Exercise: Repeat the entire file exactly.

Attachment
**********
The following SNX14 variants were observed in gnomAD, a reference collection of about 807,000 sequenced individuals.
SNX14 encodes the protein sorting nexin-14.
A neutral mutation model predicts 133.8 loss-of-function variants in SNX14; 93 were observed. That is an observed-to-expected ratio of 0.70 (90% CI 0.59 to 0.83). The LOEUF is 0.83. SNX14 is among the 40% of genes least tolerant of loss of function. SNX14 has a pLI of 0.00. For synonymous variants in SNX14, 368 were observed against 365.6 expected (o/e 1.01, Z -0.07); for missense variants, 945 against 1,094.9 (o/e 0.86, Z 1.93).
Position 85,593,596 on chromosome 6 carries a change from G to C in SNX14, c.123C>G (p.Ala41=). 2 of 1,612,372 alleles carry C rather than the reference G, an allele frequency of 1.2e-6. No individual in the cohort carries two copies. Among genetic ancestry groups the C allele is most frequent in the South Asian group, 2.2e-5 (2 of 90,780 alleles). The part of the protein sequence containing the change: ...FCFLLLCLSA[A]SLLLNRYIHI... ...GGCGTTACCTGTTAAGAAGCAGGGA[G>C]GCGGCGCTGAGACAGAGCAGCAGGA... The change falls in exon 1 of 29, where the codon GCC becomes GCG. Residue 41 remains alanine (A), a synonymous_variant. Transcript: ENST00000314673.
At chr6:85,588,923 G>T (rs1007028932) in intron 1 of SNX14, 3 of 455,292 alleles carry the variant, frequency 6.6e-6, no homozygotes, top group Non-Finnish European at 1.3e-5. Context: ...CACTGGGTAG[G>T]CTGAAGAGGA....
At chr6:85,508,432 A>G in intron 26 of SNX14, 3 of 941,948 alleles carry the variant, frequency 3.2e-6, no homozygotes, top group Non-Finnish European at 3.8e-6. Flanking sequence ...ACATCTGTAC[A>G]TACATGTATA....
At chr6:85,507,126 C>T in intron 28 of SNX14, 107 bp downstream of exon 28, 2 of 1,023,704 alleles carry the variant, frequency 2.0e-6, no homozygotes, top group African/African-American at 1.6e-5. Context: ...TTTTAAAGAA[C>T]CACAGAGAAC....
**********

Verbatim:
The following SNX14 variants were observed in gnomAD, a reference collection of about 807,000 sequenced individuals.
SNX14 encodes the protein sorting nexin-14.
A neutral mutation model predicts 133.8 loss-of-function variants in SNX14; 93 were observed. That is an observed-to-expected ratio of 0.70 (90% CI 0.59 to 0.83). The LOEUF is 0.83. SNX14 is among the 40% of genes least tolerant of loss of function. SNX14 has a pLI of 0.00. For synonymous variants in SNX14, 368 were observed against 365.6 expected (o/e 1.01, Z -0.07); for missense variants, 945 against 1,094.9 (o/e 0.86, Z 1.93).
Position 85,593,596 on chromosome 6 carries a change from G to C in SNX14, c.123C>G (p.Ala41=). 2 of 1,612,372 alleles carry C rather than the reference G, an allele frequency of 1.2e-6. No individual in the cohort carries two copies. Among genetic ancestry groups the C allele is most frequent in the South Asian group, 2.2e-5 (2 of 90,780 alleles). The part of the protein sequence containing the change: ...FCFLLLCLSA[A]SLLLNRYIHI... ...GGCGTTACCTGTTAAGAAGCAGGGA[G>C]GCGGCGCTGAGACAGAGCAGCAGGA... The change falls in exon 1 of 29, where the codon GCC becomes GCG. Residue 41 remains alanine (A), a synonymous_variant. Transcript: ENST00000314673.
At chr6:85,588,923 G>T (rs1007028932) in intron 1 of SNX14, 3 of 455,292 alleles carry the variant, frequency 6.6e-6, no homozygotes, top group Non-Finnish European at 1.3e-5. Context: ...CACTGGGTAG[G>T]CTGAAGAGGA....
At chr6:85,508,432 A>G in intron 26 of SNX14, 3 of 941,948 alleles carry the variant, frequency 3.2e-6, no homozygotes, top group Non-Finnish European at 3.8e-6. Flanking sequence ...ACATCTGTAC[A>G]TACATGTATA....
At chr6:85,507,126 C>T in intron 28 of SNX14, 107 bp downstream of exon 28, 2 of 1,023,704 alleles carry the variant, frequency 2.0e-6, no homozygotes, top group African/African-American at 1.6e-5. Context: ...TTTTAAAGAA[C>T]CACAGAGAAC....